Mobius


On a long enough timeline, the survival rate for everyone drops to zero.

1973 RD350 Yamaha build  http://www.dotheton.com/forum/index.php?topic=66498.0

Offline Redbird

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Re: 1972 Yamaha DS7
« Reply #26 on: Jul 11, 2016, 20:31:27 »
Mobius, thanks for the info. I'm no engineer at all, but i thought i was doing good by making sure the distances from pivot centerline to linkage mount was consistent. Is there a formula I can use to calculate the pedal effort ratio?

Fwiw, even with the screwed up setup on it before, i was able to lock up the rear brake. "Increased effort" doesnt mean much though. I never rode this bike with the oem peg/brake setup, so i have no basis for comparison.
When you are Dead, you don't know that you are Dead. It is difficult only for Others.

It is the same when you are Stupid.

Offline irk miller

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Re: 1972 Yamaha DS7
« Reply #27 on: Jul 11, 2016, 20:35:07 »
I think he's referring to the shifter side.  You want the shifter arm and the clip on arm to be parallel.  That, plus longer length on the shifter arm will ease shifting. 

Offline clem

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Re: 1972 Yamaha DS7
« Reply #28 on: Jul 11, 2016, 21:54:17 »
That would be tough with that r6 shifter. I tried and wound up making one. Wouldn't that be more fun anyway?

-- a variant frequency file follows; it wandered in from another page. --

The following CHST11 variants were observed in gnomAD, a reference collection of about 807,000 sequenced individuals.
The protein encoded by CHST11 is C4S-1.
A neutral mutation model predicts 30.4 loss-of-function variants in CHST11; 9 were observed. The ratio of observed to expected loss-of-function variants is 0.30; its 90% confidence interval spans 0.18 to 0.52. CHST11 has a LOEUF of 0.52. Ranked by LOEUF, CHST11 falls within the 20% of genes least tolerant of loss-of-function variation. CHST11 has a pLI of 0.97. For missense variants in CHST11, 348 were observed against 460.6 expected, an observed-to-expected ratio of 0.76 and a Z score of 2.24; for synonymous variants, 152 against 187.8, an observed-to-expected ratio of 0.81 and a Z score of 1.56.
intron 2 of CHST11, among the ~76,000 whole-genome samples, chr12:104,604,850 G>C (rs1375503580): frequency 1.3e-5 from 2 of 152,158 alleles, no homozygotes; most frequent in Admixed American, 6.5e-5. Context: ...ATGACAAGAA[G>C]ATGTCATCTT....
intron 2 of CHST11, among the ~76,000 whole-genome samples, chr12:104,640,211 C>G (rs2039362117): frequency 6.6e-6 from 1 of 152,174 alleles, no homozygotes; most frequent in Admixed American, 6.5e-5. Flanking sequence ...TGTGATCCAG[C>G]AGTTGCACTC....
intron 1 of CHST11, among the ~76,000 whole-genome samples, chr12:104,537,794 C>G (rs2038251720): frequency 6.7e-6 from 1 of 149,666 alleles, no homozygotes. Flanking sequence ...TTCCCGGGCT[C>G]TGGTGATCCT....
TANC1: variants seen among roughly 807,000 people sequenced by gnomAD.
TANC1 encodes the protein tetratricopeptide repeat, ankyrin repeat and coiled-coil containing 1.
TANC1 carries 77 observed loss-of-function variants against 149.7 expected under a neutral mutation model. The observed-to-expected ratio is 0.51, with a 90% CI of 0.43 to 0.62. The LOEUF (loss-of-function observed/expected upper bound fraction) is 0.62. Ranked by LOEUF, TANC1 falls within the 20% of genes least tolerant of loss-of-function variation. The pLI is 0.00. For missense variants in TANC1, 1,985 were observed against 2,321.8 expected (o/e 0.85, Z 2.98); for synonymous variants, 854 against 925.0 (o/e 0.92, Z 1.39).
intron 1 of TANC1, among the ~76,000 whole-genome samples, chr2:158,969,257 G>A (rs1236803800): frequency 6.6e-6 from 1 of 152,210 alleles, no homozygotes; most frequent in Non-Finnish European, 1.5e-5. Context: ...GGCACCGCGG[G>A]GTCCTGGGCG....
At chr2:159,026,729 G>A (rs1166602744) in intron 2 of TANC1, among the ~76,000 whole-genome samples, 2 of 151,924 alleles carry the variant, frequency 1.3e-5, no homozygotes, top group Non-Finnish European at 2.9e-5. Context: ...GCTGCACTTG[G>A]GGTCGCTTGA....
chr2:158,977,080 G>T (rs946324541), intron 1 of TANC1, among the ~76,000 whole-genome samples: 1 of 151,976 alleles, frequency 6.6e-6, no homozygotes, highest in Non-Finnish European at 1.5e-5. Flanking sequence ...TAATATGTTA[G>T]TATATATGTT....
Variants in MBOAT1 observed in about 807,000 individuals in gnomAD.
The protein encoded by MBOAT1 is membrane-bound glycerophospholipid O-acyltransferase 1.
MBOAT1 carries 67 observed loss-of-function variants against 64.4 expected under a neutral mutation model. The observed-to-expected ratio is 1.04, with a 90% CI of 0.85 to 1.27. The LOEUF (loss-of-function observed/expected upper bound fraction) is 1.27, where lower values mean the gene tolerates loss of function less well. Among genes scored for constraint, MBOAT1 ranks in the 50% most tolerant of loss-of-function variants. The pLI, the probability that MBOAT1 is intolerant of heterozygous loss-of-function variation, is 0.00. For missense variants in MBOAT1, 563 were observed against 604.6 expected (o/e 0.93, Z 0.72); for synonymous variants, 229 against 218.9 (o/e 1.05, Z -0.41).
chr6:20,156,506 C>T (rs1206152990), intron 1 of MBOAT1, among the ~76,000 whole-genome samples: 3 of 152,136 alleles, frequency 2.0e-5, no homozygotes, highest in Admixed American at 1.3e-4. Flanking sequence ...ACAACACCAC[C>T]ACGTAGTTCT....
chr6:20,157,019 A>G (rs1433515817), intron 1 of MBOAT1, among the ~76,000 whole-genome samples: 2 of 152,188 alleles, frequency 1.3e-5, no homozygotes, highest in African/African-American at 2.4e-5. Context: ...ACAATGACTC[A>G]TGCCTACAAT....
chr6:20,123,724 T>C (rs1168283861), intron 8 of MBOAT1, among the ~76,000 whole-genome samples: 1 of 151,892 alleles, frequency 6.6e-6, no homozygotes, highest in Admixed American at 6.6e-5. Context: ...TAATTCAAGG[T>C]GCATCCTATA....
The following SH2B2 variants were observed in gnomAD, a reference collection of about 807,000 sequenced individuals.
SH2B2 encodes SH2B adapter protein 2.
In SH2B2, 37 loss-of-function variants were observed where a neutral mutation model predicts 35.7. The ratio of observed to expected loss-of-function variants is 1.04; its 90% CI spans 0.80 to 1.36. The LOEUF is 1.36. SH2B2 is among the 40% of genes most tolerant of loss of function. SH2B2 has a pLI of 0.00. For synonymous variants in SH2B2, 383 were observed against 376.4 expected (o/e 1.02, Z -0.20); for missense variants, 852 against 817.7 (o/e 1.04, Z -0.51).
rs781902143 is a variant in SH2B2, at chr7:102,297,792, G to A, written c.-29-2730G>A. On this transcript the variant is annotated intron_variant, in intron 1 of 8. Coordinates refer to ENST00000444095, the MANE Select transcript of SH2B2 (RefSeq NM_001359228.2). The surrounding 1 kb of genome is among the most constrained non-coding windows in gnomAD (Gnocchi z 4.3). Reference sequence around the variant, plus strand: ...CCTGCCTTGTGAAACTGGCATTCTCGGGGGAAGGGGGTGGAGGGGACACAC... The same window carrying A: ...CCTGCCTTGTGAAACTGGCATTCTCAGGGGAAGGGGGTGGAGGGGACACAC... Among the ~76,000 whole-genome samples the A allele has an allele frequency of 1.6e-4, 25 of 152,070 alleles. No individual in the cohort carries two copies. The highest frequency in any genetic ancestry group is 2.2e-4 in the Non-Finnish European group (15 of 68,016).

Sent from my SAMSUNG-SM-G920A using DO THE TON mobile app

"After every war there are soldiers who refuse to surrender. To this day there are still thousands who cling to their 30+ year old motorcycles, thinking that the war is still on, refusing to concede that the four-strokes have won"

1972 DS7 http://www.dotheton.com/forum/index.php?topic=45886.msg505995#msg505995
1983 CB550sc bobber http://www.dotheton.com/forum/index.php?topic=30599.30

Offline jpmobius

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Re: 1972 Yamaha DS7
« Reply #29 on: Jul 11, 2016, 23:49:30 »
That would be tough with that r6 shifter. I tried and wound up making one. Wouldn't that be more fun anyway?

Actually I was talking about the brake side, but the mechanisms are the same.  And, in fact you are right that the shifter side will incur exactly the same issue.  Again, this does not necessarily mean that there will be trouble operating it, but in my experience, the factory usually has things pretty close as their brakes and shifters are easy to use and quick to get used to.  That means to me that if you have not experienced the bike in question in its stock form, building foot controls that mimic the throw and pressure of the stock set up is a good place to start.  If you have used the bike in its stock form, and think it needs more or less of something, you can make changes reliably by using the stock set up as a guide.  The shifter set up here looks great, however it will be considerably more difficult to shift than the stock setup.  Why?  because while the crank arms are the same length and parallel to each other, the shift pedal itself is far shorter.  The result will be a much shorter throw at your toe, but a lot more force will be required.  If you made a new pedal the same length as the stock one and moved the pivot for it back behind the peg like it is stock, the linkage you have would exactly mimic the stock set up for throw and power - minus the small losses from the mechanism itself which are largely negligible.  As far as a formula goes, yes.  If you keep the angles perpendicular, all you need to do is keep the ratios the same as previously mentioned.  If your new pedal is 75% shorter than your old one, you simply need to make crank arms  of different lengths with the same ratio.  In this case, the driving arm attached to the pedal would need to be 75% as long as the driven arm on the brake spindle.